Quality and Productivity Database

Descriptive Title of Proposal: The Creation of a University-Specific Technology Platform to Allow a Cost-Recovery Unit to Meet Student Expectations
Year Submitted 2004
Name of Institution University of Toronto
Name (Senior Administrative Office of the Institution) <br /> <br /> <br /> <br /> Mary Cone Barrie<br /> <br /> <br /> <br />
Title (Senior Administrative Office of the Institution) Director, School of Continuing Studies
Telephone: 416 978-2604
Email Address: Email hidden; Javascript is required.
Abstract

All stakeholders in Continuing Education, from Instructors to Students, from Finance staff to Registrar's Office personnel, from Program Planners to IT professional staff participated in the development of specifications for OneCE. The system was built only after a very thorough, six month period of business analysis. The Director of the School, and the School's Assistant Directors (CFO and Registrar) were also continually involved in ail decisions regarding the functionality that OneCE would require and setting standards for quality control and auditability.

Thorough user acceptance testing was built into the implementation process, as well as the creation of user manuals and comprehensive training. This complex involvement process simply means that OneCE is ideally suited to the university environment and processes, is portable across academic divisions and has demonstrated success integrating with other university-wide enterprise Systems.

Criteria Please submit one paragraph describing how the proposal fulfills each of the evaluation criteria.
Transferability

From a "techie" standpoint, OneCE is built in Java, platform independent and built with open N-tier standards, Its graphical user interfaces allow infinite customization. From a practical point of view UofT SCS and the UC Santa Cruz have a lot in common, but also significantly unique characteristics. OneCE has operated at the UofT for 18 months and is currently rapidly being installed meeting Santa Cruz's expectations. The Provost's office at the UofT is currently studying OneCE exploring application portability to other academic divisions.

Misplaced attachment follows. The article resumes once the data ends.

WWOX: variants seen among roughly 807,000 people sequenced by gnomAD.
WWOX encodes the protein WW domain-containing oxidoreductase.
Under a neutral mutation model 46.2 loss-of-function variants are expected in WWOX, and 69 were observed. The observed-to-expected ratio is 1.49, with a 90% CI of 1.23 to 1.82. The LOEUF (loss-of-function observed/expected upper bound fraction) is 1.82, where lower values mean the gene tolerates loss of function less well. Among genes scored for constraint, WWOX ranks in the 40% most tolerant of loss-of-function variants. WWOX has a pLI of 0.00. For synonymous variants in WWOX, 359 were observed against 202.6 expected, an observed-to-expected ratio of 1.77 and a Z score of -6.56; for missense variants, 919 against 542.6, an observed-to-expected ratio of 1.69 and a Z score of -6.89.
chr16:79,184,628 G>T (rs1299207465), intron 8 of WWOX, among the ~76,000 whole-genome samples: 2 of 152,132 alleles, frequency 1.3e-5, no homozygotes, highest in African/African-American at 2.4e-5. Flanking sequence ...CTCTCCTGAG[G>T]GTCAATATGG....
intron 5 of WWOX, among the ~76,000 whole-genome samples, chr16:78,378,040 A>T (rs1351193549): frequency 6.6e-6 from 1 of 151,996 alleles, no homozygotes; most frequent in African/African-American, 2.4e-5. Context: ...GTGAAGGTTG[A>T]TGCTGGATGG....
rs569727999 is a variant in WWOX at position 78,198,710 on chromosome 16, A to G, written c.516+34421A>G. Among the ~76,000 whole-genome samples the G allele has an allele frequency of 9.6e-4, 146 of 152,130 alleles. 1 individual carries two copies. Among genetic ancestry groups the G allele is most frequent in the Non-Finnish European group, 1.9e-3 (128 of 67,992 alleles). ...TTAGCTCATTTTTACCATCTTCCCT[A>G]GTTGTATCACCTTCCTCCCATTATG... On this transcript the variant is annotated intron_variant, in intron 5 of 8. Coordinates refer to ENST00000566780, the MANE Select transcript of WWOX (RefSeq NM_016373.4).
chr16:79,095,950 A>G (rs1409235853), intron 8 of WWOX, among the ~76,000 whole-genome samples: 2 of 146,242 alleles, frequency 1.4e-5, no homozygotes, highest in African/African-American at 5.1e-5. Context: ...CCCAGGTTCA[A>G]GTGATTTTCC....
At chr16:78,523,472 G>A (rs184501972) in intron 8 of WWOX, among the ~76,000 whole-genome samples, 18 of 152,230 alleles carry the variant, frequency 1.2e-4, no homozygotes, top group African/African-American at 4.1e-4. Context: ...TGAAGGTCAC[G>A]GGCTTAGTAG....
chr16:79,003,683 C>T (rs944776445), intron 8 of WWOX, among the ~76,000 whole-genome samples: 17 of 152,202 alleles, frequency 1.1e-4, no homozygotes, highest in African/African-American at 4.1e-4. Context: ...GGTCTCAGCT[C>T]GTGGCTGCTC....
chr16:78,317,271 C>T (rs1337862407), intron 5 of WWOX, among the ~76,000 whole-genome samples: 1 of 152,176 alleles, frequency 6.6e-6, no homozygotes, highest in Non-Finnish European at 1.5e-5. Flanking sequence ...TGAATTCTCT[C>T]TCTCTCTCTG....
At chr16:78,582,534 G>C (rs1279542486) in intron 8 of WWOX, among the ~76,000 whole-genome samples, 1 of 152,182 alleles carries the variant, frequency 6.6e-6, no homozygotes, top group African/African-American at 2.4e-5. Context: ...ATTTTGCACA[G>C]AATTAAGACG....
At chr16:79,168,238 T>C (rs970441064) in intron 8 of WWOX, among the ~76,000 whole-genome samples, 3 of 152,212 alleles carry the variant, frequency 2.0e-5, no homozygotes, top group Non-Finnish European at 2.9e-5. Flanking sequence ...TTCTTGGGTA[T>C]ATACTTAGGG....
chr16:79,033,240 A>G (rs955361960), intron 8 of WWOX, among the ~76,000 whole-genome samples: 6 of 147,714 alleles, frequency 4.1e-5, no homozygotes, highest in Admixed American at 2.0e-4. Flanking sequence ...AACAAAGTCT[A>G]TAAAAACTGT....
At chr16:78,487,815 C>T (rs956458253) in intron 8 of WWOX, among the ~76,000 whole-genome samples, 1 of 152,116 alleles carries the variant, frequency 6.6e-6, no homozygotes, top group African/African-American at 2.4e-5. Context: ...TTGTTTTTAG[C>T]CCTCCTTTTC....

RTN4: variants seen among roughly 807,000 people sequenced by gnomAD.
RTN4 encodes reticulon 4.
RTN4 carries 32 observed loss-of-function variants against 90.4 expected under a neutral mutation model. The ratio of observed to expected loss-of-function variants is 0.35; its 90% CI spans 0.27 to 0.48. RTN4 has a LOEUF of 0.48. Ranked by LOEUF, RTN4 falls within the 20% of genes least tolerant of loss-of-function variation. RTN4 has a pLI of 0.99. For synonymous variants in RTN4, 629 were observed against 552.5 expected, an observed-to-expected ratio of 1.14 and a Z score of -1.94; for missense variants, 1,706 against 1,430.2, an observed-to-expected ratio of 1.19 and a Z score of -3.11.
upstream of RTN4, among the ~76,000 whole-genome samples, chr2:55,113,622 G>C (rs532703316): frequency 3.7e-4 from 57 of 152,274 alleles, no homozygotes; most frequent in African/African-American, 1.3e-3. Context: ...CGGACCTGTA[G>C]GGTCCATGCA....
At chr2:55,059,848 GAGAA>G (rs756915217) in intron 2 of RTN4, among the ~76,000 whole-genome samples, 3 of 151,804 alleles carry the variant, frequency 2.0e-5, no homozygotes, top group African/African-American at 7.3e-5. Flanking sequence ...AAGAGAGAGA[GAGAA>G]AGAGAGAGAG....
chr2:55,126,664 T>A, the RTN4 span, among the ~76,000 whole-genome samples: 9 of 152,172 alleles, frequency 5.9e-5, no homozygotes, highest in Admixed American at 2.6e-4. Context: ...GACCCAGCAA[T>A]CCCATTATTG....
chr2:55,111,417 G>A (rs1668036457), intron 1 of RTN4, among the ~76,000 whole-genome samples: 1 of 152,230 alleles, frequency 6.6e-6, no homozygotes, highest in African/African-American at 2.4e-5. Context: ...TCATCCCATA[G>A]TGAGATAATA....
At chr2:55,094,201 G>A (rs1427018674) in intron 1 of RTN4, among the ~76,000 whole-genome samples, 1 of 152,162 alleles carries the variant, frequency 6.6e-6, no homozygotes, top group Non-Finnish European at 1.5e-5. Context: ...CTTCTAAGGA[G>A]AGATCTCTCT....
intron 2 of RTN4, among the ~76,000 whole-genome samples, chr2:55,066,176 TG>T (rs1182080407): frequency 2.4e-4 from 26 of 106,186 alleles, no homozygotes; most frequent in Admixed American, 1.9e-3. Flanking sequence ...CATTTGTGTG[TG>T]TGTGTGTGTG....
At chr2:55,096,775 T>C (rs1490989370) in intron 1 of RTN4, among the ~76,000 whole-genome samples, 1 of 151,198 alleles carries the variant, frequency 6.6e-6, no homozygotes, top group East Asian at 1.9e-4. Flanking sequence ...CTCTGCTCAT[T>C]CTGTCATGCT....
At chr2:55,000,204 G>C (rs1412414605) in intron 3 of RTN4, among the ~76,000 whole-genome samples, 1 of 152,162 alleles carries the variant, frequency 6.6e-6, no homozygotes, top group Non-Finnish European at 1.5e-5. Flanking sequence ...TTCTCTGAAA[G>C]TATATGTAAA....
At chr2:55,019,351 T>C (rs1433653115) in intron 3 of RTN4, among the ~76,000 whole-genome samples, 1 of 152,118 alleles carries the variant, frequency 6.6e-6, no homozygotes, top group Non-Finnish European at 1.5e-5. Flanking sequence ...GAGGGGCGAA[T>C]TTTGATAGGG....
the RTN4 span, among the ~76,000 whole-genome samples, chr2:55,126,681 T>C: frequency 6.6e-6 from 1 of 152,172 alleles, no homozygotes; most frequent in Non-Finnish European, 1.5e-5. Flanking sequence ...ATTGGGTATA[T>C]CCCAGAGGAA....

Quality Impact

One important example:

When the U of T closed for its traditional two-week Christmas break in December 2003, its School of Continuing Studies earned $166,000 in revenue as students found what they needed to know, made an academic decision, and successfully registered and paid their tuition fees completely independent of the assistance a single staff member. Through the student portal function, verification of acceptance was immediately transmitted to the student.

Productivity Impact

Between September and February 2003-2004, we are seeing the "right student selecting the right course", reduction in student transfers and withdrawals and significantly less stress for staff during registration cycles. 51% (N=5,317) of all School registrations are now web-based and automatically processed without a staff member. This has led to our ability to significantly grow our "business", expansion of program into six satellite campuses in addition to St. George, and an overall 20% reduction in administrative staff.

Innovation

The key characteristic of OneCE is that its vision and its build came from the rules and working operations of a University. This is not software built outside of higher education and imported into it; it's a match.